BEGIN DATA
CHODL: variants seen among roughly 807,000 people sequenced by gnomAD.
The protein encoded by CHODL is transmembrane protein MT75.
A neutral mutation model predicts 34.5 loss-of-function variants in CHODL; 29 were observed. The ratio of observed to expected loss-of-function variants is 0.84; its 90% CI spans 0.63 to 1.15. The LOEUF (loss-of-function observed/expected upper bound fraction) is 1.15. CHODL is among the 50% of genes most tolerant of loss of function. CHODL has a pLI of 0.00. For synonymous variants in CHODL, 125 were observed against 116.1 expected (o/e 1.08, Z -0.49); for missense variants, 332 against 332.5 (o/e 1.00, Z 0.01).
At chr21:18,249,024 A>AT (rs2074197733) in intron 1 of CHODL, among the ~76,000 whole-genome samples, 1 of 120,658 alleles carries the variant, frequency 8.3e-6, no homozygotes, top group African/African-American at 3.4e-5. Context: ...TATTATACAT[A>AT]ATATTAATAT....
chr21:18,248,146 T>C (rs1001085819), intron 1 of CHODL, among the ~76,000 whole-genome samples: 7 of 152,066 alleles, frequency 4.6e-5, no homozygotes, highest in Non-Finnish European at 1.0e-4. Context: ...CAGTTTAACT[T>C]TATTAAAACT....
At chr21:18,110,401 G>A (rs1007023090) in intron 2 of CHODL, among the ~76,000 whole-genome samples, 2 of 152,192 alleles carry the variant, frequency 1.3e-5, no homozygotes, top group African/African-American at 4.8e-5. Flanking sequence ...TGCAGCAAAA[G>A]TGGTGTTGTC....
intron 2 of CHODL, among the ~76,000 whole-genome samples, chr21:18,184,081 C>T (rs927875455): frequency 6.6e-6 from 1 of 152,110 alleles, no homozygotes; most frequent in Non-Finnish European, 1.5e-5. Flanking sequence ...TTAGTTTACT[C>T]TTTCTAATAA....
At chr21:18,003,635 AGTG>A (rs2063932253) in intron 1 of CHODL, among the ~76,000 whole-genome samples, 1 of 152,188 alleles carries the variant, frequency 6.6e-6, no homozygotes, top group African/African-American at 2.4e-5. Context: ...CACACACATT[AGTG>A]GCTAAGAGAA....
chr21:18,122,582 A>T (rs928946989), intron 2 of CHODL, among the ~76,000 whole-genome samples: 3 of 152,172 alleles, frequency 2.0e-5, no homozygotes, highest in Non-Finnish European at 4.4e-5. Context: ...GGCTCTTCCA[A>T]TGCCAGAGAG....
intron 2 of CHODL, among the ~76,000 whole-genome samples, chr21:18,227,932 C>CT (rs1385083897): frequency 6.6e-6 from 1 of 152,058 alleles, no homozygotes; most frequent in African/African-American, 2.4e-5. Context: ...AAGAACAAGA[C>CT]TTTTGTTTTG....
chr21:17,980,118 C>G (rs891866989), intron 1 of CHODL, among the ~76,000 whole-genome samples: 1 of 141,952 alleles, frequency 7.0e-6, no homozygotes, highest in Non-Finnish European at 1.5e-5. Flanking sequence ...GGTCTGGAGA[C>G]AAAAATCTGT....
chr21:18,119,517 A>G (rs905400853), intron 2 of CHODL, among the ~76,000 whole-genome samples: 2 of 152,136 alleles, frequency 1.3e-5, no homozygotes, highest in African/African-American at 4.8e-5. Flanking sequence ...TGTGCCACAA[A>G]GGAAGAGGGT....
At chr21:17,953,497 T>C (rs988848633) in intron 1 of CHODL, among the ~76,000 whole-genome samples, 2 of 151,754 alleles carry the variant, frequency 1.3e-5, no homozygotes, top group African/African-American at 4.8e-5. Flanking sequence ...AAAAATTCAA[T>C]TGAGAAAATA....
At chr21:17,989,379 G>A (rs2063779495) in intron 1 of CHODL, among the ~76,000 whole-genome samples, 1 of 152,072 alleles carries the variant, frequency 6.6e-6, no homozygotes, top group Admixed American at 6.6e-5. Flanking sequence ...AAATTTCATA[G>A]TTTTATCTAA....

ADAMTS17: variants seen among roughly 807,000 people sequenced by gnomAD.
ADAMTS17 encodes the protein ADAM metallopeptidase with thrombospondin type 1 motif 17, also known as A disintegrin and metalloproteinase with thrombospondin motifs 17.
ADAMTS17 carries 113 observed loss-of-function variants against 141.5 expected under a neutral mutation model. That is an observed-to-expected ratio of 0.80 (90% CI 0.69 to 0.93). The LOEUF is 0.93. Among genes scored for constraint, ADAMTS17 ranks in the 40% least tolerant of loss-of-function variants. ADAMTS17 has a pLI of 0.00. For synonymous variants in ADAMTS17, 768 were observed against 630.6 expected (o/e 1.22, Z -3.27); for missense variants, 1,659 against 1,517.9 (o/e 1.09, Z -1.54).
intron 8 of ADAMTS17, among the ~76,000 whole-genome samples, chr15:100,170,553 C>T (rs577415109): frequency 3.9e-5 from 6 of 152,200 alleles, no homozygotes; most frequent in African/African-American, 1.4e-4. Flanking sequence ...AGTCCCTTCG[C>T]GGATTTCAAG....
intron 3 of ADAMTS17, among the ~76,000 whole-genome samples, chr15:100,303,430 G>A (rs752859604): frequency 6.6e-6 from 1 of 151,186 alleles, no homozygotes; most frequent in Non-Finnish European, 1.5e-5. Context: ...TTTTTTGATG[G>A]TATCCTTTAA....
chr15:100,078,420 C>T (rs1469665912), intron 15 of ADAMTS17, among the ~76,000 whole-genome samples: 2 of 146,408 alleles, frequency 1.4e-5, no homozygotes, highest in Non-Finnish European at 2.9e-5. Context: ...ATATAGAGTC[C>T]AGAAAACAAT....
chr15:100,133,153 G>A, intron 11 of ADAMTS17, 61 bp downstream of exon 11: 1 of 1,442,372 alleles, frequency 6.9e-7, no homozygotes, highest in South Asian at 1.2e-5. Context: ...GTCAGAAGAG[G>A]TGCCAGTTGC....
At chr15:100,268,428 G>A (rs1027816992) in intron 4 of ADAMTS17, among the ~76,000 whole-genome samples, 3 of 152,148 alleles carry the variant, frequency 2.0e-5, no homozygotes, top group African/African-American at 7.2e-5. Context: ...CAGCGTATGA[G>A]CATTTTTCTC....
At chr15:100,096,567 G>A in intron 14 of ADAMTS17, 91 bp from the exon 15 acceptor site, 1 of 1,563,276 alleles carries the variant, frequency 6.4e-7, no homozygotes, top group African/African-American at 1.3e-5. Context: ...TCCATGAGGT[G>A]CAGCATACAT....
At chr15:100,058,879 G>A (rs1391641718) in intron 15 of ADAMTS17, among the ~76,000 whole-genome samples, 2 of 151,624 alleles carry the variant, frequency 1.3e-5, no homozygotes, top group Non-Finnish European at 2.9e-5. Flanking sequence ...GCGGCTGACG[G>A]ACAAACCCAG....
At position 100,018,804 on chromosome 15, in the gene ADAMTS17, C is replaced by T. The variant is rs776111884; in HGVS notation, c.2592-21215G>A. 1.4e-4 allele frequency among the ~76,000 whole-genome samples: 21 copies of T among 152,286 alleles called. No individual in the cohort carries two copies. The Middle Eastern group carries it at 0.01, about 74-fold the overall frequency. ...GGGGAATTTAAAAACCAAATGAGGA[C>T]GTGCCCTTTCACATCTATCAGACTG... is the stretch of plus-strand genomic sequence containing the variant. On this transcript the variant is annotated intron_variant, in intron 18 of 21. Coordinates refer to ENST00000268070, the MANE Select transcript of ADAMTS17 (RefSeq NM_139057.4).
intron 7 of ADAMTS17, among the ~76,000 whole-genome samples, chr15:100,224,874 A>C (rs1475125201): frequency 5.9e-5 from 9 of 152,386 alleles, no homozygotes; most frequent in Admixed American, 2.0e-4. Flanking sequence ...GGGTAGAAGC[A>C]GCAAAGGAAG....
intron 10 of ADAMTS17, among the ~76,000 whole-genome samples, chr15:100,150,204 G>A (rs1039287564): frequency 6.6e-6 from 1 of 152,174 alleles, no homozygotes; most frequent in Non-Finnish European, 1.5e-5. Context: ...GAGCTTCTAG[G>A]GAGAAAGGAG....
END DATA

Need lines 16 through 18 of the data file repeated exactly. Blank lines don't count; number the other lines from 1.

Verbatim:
ADAMTS17 encodes the protein ADAM metallopeptidase with thrombospondin type 1 motif 17, also known as A disintegrin and metalloproteinase with thrombospondin motifs 17.
ADAMTS17 carries 113 observed loss-of-function variants against 141.5 expected under a neutral mutation model. That is an observed-to-expected ratio of 0.80 (90% CI 0.69 to 0.93). The LOEUF is 0.93. Among genes scored for constraint, ADAMTS17 ranks in the 40% least tolerant of loss-of-function variants. ADAMTS17 has a pLI of 0.00. For synonymous variants in ADAMTS17, 768 were observed against 630.6 expected (o/e 1.22, Z -3.27); for missense variants, 1,659 against 1,517.9 (o/e 1.09, Z -1.54).
intron 8 of ADAMTS17, among the ~76,000 whole-genome samples, chr15:100,170,553 C>T (rs577415109): frequency 3.9e-5 from 6 of 152,200 alleles, no homozygotes; most frequent in African/African-American, 1.4e-4. Flanking sequence ...AGTCCCTTCG[C>T]GGATTTCAAG....